Surely it’s not too late for a few New Year’s resolutions? It’s seems so soon to be a few days into the New Year. I was busy trying to find last year’s list, just to see what I missed out on procrastinating about. Just say I’m just well-practiced in putting off making (and breaking) those pesky resolutions. So here goes, a partial salute to the New Year and a look ahead to months of swirling, sipping and scribbling.
Taste more Colorado wines – Notice I specifically didn’t say “drink” more Colorado wines.
There are many in-state wineries whose tasting rooms I’ve yet to sully, and this year I plan to sully as many as possible.
That said, there also are some (many? few?) Colorado wineries who wines aren’t worth drinking, sad to say.Over-reaching, under-ripe, too many chemicals and too few years’ experience all add up to undrinkable. I’ll taste as many as possible and steer away from those who deserve steering away from.
Find the hidden gems – Sounds great, too bad it’s already taken by Colorado Ski Country USA.
Those wise marketing folks at Ski Country know a winner when they market it and I hereby resolve to let you in on the better-kept secrets of Colorado winemaking.
You won’t ready anything about the plonk (see No. 1) but each year I find some gems at the Colorado Mountain Winefest.This year, I’ll take you with me when we swing around the state.
Encourage wine drinkers to use better glassware – Sure, you can use a jelly jar for drinking wines, but then you could drive a Yugo to the Indianapolis 500, too. Good stemware, the kind that allows you to hold, swirl and sniff, isn’t expensive and lets you enjoy the flavors, bouquets and beauty of the wine.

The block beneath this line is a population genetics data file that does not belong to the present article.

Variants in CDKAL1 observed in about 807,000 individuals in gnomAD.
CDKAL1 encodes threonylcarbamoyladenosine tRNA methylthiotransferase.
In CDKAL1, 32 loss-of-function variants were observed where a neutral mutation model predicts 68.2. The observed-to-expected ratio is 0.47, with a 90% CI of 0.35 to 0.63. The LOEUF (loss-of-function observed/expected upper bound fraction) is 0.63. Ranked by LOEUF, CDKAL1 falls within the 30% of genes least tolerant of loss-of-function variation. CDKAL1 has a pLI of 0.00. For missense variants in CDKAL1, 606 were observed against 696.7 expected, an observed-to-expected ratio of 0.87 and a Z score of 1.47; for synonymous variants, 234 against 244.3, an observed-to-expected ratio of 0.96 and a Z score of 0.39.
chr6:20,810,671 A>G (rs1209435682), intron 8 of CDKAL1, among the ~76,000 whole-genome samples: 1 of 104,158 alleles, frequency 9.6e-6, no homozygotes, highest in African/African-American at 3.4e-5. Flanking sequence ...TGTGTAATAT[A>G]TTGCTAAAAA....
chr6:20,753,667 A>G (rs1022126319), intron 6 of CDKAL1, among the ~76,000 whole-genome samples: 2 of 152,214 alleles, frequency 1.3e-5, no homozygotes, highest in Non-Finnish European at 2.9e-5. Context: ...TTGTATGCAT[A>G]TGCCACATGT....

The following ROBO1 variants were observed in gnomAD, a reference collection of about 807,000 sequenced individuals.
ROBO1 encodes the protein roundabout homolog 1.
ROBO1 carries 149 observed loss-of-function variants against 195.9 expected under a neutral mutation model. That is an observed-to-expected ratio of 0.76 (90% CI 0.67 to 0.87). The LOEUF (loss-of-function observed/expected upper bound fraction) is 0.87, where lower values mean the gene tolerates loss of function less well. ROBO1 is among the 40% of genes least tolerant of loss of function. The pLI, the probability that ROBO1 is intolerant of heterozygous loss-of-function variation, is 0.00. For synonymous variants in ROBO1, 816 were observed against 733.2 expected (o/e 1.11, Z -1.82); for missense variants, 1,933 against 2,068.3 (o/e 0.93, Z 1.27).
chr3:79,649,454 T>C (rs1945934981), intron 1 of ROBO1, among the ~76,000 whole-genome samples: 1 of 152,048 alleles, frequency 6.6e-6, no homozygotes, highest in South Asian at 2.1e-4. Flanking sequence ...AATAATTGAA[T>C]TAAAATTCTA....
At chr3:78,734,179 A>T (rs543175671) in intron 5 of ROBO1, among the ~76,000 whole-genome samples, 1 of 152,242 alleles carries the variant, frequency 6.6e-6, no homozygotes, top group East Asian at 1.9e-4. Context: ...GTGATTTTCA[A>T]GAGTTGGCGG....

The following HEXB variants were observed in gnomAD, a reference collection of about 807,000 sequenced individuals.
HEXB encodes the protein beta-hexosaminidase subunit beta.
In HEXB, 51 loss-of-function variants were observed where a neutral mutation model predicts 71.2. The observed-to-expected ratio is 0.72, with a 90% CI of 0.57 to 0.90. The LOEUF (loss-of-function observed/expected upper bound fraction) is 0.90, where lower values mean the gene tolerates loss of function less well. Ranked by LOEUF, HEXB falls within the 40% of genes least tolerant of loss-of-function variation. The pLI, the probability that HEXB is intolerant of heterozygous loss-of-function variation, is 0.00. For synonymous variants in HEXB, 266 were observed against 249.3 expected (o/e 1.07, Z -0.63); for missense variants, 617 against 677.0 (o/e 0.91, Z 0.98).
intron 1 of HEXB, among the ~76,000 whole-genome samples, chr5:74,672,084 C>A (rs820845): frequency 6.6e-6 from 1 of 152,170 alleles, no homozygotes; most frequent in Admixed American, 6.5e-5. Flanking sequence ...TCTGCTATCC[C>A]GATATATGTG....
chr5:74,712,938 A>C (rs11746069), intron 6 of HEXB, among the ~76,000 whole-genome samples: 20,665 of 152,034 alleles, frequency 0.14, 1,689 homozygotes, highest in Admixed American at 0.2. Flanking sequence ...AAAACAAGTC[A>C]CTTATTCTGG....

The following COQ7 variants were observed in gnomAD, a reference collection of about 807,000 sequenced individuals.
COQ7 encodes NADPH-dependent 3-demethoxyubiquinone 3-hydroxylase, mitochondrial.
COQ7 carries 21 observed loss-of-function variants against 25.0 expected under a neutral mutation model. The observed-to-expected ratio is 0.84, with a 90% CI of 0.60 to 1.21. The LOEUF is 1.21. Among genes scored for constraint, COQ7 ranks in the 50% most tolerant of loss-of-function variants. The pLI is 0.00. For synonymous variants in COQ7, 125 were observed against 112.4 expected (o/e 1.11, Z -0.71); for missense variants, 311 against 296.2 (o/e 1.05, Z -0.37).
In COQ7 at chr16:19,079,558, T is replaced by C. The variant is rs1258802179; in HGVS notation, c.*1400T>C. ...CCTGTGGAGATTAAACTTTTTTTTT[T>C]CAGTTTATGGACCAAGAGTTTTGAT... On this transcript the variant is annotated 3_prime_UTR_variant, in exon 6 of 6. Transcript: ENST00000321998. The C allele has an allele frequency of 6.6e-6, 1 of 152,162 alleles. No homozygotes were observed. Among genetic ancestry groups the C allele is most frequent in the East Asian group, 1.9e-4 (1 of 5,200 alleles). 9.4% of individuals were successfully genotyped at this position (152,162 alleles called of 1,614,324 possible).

If you think it’s chi-chi or stuck-up or fancified, that’s OK, too. Some day you’ll be served a nice wine in a decent glass and you’ll wonder what took you so long.
Drink more sparkling wine – Like, this might be possible only if they add a few days to the calendar. Don’t save sparkling wines only for “special occasions.” There are some fun sparklers out there costing under $10 and some killers in the $20 and under range.
Besides, haven’t you noticed how opening a sparkling wine – a sparkling wine other than Cold Duck, that is – makes any occasion special?
This also is the year to explore grower Champagnes, wines from farmers who once sold their grape to immense wine houses but now are bottling their own labels.
Try more (domestic) chardonnay – I’ll admit it: Domestic chardonnay is getting better. By “better,” I mean it’s trending away from the over-blown, over-oaked, over-ripe, peaches-and-cream flavors that ruined California chardonnay for millions of former fans. Winemakers are starting to rediscover the taut minerality and vibrant acidity that made chardonnay America’s favorite white wine. South America and South Africa also are producing some excellent chardonnays but the finest chardonnays still come from France.
Explore more – Speaking of California chardonnay, did you know some excellent (not chardonnay) white wines come from Spain (viura), Italy (trebbiano), Germany (riesling), New Zealand (sauvignon blanc) and South Africa (chenin blanc), to name a few varieties? Not to mention Bulgaria (traminer), Portugal (albariño) and Austria (riesling).
Ditto for red wines. There’s really no excuse for falling into a wine-drinking rut.
Stay out of a wine-drinking rut – Enough said.